This is the introduction to my April 2016 “Dear Frances” column in The Hawaii Herald.

Dear Readers,

I received the following letter from Dr. Christian Serdahl, a physician in Sacramento. He was responding to my Feb. 5 column in The Hawai‘i Herald titled “Support Group Angels.” In it, I questioned the lack of good medical care for our elders. His letter arrived a day after he read my column.

Dr. Serdahl is the first physician to ask me, “What exactly do you say to caregivers to bring compassion into their care?” He sat in his examination room and listened to every word I said. I felt like I had preempted his busy schedule, which I actually had done. Dr. Serdahl has no computers in his examination rooms, choosing, instead, to communicate directly with his patients. “My computers are in another room,” he said. His letter explained why.

For Dr. Serdahl’s letter, as well as several poems I’ve written about some of my medical experiences, go to The Hawaii Herald website. My column for them runs at the beginning of each month in the paper, and stays posted on their website.

Wordsworth wrote this poem to Akiko in his effort to bring her back from her electronically addicted world.



iPOd, iPhone, iTune

iSolate friend from friend.

Return to the world we once knew

When there was no cyberspace

Between us all, forever and ever

Until the end.


Remember those words

That once flowed from your heart.

Where did they go

Those images and song?

Are they lost in your wireless wires

Or have they vanished into thin air?


Oh, don’t you miss

Real friends like us,

Instead of cartoon characters

On computer screens?

Can they read your poems?

Talk story with you?

Can you splash in waves

Or walk the shores

With animated friends

On computer screens?



new pocket award photo

Thank you Northern California Publishers and Authors (NCPA)  for honoring Wordsworth, It’s In Your Pocket, with Best Children’s Award and Honorable Mention for Best Cover and Design. All four books in the Wordsworth series now bear that Best Children’s Book golden seal, from NCPA and Hawai’i Publishers Assoc. If you would like that golden seal to attach to your copy of WW, It’s in Your Pocket, I will gladly send it to you. Thank you, Wordsworth fans, for your support.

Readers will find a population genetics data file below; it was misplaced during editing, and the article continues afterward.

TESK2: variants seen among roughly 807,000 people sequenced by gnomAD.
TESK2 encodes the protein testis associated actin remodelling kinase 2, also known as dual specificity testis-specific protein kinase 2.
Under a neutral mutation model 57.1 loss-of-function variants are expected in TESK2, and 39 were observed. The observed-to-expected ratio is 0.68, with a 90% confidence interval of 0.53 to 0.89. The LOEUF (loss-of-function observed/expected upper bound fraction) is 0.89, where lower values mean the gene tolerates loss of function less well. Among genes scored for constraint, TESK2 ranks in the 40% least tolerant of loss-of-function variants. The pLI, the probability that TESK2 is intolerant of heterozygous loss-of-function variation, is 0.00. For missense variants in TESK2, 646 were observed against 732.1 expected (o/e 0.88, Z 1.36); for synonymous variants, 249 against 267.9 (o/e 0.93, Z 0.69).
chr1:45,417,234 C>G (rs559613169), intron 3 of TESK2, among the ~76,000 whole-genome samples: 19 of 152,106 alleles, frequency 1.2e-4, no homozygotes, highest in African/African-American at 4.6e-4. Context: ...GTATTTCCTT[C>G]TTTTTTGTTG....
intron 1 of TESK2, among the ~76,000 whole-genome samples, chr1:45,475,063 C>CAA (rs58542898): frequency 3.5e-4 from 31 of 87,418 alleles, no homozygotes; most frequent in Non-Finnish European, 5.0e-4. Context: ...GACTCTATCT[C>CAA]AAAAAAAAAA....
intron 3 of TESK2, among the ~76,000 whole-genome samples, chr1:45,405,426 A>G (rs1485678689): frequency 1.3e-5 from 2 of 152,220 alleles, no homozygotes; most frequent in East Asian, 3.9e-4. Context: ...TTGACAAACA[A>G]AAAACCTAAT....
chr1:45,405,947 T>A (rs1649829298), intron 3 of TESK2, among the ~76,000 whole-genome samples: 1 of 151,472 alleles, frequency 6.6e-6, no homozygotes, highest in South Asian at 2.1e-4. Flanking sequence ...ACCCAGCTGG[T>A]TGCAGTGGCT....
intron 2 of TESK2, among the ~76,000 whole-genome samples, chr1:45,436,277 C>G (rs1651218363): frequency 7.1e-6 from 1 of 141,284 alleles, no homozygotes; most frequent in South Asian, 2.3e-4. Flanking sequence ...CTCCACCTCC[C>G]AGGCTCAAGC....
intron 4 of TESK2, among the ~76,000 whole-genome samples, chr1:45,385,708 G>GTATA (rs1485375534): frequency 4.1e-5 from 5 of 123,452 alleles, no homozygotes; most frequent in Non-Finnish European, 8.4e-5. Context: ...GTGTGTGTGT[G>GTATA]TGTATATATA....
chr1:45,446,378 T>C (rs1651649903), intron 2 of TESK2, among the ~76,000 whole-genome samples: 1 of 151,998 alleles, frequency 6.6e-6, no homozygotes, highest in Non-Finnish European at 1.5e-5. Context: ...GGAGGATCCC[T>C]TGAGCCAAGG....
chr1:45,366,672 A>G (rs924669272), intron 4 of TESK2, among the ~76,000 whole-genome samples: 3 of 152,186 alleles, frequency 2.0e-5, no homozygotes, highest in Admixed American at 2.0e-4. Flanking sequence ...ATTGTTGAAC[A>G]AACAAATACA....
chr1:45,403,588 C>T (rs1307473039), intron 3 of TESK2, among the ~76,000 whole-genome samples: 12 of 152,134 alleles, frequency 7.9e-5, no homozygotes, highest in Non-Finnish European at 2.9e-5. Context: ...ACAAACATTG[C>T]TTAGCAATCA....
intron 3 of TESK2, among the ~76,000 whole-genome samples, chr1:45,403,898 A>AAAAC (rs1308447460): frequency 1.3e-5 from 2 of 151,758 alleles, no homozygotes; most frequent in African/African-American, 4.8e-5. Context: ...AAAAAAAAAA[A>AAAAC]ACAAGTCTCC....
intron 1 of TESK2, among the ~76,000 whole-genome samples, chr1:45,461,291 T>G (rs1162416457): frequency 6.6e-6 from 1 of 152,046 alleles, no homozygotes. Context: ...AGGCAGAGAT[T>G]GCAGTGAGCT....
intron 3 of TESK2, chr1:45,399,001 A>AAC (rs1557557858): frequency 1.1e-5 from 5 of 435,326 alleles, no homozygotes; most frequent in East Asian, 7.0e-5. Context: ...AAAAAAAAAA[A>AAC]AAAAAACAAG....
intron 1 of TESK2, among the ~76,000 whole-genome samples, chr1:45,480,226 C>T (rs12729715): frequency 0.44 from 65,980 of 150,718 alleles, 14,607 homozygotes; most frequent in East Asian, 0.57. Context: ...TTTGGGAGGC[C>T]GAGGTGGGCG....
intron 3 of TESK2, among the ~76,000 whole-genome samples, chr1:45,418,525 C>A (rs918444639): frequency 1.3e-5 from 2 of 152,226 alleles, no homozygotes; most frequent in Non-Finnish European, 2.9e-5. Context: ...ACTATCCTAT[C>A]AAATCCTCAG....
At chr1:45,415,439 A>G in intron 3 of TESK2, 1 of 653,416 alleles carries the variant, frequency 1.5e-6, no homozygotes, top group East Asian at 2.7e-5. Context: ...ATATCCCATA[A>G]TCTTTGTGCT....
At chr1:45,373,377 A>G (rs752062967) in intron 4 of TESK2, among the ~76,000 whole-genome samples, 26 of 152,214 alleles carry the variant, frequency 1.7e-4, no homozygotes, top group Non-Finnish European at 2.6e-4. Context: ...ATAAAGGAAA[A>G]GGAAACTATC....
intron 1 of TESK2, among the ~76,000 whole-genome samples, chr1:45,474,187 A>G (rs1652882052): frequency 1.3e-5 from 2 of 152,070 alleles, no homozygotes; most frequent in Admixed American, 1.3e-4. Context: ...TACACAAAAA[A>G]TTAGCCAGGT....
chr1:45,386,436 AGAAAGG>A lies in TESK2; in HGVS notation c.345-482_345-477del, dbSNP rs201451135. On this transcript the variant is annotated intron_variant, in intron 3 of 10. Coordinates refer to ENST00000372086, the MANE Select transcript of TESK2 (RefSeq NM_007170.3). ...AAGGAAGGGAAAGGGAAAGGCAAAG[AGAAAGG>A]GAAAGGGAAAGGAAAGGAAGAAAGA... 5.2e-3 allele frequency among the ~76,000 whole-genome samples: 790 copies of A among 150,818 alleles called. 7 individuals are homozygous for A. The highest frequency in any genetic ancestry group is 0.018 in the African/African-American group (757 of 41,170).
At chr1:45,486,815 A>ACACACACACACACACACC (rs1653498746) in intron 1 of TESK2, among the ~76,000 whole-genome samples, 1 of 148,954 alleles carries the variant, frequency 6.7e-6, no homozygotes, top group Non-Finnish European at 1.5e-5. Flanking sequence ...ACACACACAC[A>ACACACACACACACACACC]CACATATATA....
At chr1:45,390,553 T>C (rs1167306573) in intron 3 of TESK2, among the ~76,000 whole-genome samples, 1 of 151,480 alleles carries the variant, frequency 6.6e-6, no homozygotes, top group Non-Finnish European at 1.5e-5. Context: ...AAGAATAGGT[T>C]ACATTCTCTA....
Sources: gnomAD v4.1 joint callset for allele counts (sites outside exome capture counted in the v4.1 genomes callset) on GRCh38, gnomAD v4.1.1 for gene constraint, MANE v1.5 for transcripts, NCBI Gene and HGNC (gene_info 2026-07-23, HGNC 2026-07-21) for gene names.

It’s been a long time since I came across two novels so riveting and binding. I consider The Last Samurai a work of genius and so, in my mind,  the author must be a genius, too. A story of a single mother and her 3 year old who searches for his father. Mother uses the film The Seven Samurai as a backdrop to become her son’s male role model.So I had a hard beginning: After a chapter, I emailed friends to get this book. After a few more pages, I sent out another email retracting my email. Then Red suggested I read it like a poem and am sooo glad I did. This is a  brand new copy and look what I did to it. I gobbled it up like my last supper.

On a Red-eye to NY recently,  I was the only one reading, couldn’t put down A Little Life. I met a young man in NY quite by accident and when he began to tell me his story, I told him to read A Little Life because he is one of the characters. “Read the book”, I told him, “and tell me which of the characters you are.” I bought and sent him the book. Four young boys attend college in NYC, they form a friendship that will make you weep. They each pursue their dreams but their journey is one that will touch all your senses and emotions.And leave you stunned and reflective.